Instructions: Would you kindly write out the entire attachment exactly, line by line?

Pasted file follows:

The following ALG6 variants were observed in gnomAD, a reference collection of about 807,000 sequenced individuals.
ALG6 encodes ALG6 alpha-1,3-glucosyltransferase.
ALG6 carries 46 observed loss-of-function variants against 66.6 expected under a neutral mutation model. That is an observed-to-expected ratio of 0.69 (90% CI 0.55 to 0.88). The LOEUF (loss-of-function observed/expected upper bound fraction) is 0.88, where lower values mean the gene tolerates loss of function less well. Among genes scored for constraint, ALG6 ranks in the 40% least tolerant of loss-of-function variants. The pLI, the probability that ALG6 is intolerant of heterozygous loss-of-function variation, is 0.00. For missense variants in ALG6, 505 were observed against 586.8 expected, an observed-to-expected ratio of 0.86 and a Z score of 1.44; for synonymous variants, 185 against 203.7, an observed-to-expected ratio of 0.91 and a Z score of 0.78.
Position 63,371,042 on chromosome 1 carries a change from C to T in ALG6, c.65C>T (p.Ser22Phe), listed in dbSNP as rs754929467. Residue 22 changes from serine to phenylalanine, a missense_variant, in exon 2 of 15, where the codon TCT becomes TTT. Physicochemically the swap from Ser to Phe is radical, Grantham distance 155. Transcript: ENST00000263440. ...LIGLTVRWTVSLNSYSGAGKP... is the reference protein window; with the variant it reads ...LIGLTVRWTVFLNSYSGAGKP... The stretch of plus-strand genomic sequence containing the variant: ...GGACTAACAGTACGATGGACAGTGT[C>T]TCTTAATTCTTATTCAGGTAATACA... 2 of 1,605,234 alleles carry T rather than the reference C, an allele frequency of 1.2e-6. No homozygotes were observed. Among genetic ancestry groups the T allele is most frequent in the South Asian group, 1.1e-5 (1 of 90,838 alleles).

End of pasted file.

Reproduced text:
The following ALG6 variants were observed in gnomAD, a reference collection of about 807,000 sequenced individuals.
ALG6 encodes ALG6 alpha-1,3-glucosyltransferase.
ALG6 carries 46 observed loss-of-function variants against 66.6 expected under a neutral mutation model. That is an observed-to-expected ratio of 0.69 (90% CI 0.55 to 0.88). The LOEUF (loss-of-function observed/expected upper bound fraction) is 0.88, where lower values mean the gene tolerates loss of function less well. Among genes scored for constraint, ALG6 ranks in the 40% least tolerant of loss-of-function variants. The pLI, the probability that ALG6 is intolerant of heterozygous loss-of-function variation, is 0.00. For missense variants in ALG6, 505 were observed against 586.8 expected, an observed-to-expected ratio of 0.86 and a Z score of 1.44; for synonymous variants, 185 against 203.7, an observed-to-expected ratio of 0.91 and a Z score of 0.78.
Position 63,371,042 on chromosome 1 carries a change from C to T in ALG6, c.65C>T (p.Ser22Phe), listed in dbSNP as rs754929467. Residue 22 changes from serine to phenylalanine, a missense_variant, in exon 2 of 15, where the codon TCT becomes TTT. Physicochemically the swap from Ser to Phe is radical, Grantham distance 155. Transcript: ENST00000263440. ...LIGLTVRWTVSLNSYSGAGKP... is the reference protein window; with the variant it reads ...LIGLTVRWTVFLNSYSGAGKP... The stretch of plus-strand genomic sequence containing the variant: ...GGACTAACAGTACGATGGACAGTGT[C>T]TCTTAATTCTTATTCAGGTAATACA... 2 of 1,605,234 alleles carry T rather than the reference C, an allele frequency of 1.2e-6. No homozygotes were observed. Among genetic ancestry groups the T allele is most frequent in the South Asian group, 1.1e-5 (1 of 90,838 alleles).